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24H Le Mans

Toyota Holds On for First Hypercar Win at Le Mans

Fourth consecutive win for Japanese manufacturer; first in new Hypercar era…

Photo: Toyota

Mike Conway, Kamui Kobayashi and Jose Maria Lopez have claimed a long-awaited 24 Hours of Le Mans victory for Toyota Gazoo Racing in the debut of the Hypercar era in the French endurance classic.

The No. 7 Toyota GR010 Hybrid overcame an intermittent fuel-related issue that impacted both the winning car and second-placed Toyota’s stint lengths in the final six hours.

Despite battling various gremlins, the Japanese manufacturer’s Le Mans Hypercar entries dominated the 89th running of the race, having led from the safety car start due to a pre-race downpour.

While the pole-sitting No. 7 Toyota of Conway stretched out into an early lead after a chaotic restart that saw the No. 708 Glickenhaus 007 of Olivier Pla clobber the Sebastien Buemi-driven No. 8 Toyota, it also overcame two punctures in the opening three hours that put it off-sequence.

In addition to getting spun around, the No. 8 car briefly stopped on track for a systems reset before battling vibrations in the 16th hour followed by the beginning of an unidentified fuel issue that saw the car regularly complete shortened stints.

The No. 8 car also made an unscheduled stop to replace its passenger’s side door.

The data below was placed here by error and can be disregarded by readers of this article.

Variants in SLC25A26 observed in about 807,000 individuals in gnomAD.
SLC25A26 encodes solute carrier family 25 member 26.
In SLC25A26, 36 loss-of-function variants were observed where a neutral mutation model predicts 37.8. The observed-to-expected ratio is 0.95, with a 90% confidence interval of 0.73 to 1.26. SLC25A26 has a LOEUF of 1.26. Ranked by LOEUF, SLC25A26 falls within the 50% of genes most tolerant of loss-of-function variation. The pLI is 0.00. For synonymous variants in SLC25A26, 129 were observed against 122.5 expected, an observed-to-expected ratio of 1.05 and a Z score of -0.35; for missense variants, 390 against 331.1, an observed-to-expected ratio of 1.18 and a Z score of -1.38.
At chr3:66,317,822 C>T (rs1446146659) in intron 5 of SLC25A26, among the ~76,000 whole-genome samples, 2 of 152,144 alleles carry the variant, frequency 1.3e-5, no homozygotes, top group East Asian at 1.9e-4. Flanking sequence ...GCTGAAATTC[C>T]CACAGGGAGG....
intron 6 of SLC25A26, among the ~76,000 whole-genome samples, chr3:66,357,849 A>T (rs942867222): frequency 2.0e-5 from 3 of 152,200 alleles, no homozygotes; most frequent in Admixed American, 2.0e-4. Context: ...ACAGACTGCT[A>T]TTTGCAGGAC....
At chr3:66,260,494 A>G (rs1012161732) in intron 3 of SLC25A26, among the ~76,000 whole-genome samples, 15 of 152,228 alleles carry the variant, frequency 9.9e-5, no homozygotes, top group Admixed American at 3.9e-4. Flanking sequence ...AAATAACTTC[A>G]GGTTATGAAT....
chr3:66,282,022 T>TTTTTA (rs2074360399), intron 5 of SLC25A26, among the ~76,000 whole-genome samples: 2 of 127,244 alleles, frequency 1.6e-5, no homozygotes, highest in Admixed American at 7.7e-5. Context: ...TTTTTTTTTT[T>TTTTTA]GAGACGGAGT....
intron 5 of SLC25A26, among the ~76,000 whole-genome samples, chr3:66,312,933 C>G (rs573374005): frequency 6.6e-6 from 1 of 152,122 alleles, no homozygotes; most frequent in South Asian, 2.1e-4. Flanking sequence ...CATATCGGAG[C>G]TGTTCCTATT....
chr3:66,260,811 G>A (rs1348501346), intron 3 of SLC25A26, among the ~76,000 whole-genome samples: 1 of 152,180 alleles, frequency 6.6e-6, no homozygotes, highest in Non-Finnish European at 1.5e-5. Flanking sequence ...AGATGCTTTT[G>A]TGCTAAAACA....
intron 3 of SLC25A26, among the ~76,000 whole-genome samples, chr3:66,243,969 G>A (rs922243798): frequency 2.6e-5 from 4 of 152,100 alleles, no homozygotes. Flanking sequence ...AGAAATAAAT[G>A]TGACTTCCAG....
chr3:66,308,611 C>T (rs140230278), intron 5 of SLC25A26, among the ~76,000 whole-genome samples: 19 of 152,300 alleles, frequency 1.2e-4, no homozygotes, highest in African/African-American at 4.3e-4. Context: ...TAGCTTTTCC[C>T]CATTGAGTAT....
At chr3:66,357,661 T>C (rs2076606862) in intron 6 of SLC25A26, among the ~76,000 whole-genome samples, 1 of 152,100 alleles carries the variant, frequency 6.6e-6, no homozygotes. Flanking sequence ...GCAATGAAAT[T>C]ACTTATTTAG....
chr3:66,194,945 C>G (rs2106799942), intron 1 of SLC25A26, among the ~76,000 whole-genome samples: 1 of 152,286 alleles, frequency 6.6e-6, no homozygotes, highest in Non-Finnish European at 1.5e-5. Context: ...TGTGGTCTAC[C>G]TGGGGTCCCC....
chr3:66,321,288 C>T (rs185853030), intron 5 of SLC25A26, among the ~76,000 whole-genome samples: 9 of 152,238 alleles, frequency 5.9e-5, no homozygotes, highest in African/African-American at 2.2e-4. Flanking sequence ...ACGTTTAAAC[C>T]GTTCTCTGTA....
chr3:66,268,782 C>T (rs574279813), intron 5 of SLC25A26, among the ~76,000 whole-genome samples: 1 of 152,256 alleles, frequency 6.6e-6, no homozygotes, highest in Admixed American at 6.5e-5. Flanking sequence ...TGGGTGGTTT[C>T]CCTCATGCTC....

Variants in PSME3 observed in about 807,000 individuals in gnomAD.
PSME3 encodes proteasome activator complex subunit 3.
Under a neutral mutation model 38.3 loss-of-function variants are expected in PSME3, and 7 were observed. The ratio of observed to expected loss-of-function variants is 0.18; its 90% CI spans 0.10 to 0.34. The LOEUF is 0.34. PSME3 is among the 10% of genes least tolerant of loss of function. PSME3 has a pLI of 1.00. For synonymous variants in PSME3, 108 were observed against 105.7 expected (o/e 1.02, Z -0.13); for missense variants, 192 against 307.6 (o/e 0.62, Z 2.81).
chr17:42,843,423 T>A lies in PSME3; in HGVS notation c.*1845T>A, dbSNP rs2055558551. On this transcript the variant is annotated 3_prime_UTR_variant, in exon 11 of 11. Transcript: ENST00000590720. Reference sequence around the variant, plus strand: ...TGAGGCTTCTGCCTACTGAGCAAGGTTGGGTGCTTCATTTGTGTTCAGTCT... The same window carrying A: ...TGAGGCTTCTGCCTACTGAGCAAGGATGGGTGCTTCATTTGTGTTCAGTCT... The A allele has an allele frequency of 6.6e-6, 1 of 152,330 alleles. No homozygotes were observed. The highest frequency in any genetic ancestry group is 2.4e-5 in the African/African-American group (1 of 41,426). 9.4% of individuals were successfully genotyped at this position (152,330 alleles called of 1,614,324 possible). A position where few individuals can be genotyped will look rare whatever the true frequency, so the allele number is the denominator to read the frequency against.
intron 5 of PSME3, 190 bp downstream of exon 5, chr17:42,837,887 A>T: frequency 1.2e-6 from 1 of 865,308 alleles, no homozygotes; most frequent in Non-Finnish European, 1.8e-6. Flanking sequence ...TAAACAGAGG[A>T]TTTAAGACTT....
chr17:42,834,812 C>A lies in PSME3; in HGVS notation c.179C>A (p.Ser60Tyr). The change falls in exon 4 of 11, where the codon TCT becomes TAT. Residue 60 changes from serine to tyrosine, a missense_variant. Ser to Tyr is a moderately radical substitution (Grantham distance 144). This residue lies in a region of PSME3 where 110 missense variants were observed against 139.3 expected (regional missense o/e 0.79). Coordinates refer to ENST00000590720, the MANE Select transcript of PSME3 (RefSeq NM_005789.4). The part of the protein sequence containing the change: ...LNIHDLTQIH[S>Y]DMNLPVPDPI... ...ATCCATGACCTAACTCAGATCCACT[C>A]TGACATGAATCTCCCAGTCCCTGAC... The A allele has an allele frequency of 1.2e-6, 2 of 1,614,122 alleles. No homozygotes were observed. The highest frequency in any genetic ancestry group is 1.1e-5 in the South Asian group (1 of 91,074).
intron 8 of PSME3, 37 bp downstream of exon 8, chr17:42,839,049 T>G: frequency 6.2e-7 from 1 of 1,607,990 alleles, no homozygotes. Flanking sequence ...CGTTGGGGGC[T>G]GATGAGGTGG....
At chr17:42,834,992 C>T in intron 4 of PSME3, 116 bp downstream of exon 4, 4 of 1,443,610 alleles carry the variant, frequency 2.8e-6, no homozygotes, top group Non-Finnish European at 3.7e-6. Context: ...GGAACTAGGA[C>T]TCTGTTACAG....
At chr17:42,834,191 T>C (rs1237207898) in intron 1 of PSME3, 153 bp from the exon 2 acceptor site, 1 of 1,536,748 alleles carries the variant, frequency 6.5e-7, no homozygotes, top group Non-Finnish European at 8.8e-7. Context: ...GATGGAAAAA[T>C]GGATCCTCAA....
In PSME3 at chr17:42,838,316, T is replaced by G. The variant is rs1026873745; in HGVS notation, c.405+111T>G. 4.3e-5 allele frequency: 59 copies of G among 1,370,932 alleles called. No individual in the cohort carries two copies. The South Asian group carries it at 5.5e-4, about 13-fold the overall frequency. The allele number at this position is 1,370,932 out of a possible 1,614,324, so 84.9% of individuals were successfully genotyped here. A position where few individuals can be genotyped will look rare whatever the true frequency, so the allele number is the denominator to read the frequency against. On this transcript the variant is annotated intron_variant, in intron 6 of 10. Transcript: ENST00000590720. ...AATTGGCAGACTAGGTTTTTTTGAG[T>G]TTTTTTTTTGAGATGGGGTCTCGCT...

Both Toyotas, however, held on to take the checkered flag in a race that remarkably saw all five LMH class entries not only finish in the top-five overall but also stay out of their respective garages.

Kobayashi finished two laps ahead of the No. 8 Toyota of Buemi, Kazuki Nakajima and Brendon Hartley for Toyota’s fourth consecutive Le Mans win.

It marked the No. 7 crew’s first Le Mans triumph after losing out in the last three years.

The No. 36 Alpine A480 Gibson of Nico Lapierre, Matthieu Vaxiviere and Andre Negrao completed the podium in third with its grandfathered ORECA-built LMP1 car, finishing four laps back from the overall-winning Toyota.

The French entry lost time with a spin by Lapierre on Lap 3 while in second followed by an off-course excursion by Vaxiviere in the first chicane during the eighth hour that had dropped it down to eighth overall at the time.

The No. 708 Glickenhaus rebounded from Pla’s early race incident to finish fourth alongside co-drivers Pipo Derani and Franck Mailleux, with the Richard Westbrook, Ryan Briscoe and Romain Dumas-driven No. 709 car completing the top-five.

Both of Pipo Moteurs-powered non-hybrid LMH entries enjoyed a largely uneventful race, other than serving a handful of penalties for pit lane infringements or on-track incidents.

WRT Victorious in LMP2 Despite Last-Lap Drama for Leading Car

Team WRT scored LMP2 class honors despite a shock final lap stoppage for the team’s No. 41 Oreca 07 Gibson of Yifei Ye that denied the Belgian squad a 1-2 result.

Ye’s car slowed on track on the final lap entering the Dunlop bridge, handing the class win to the sister No. 31 car of Robin Frijns, Ferdinand Habsburg and Charles Milesi.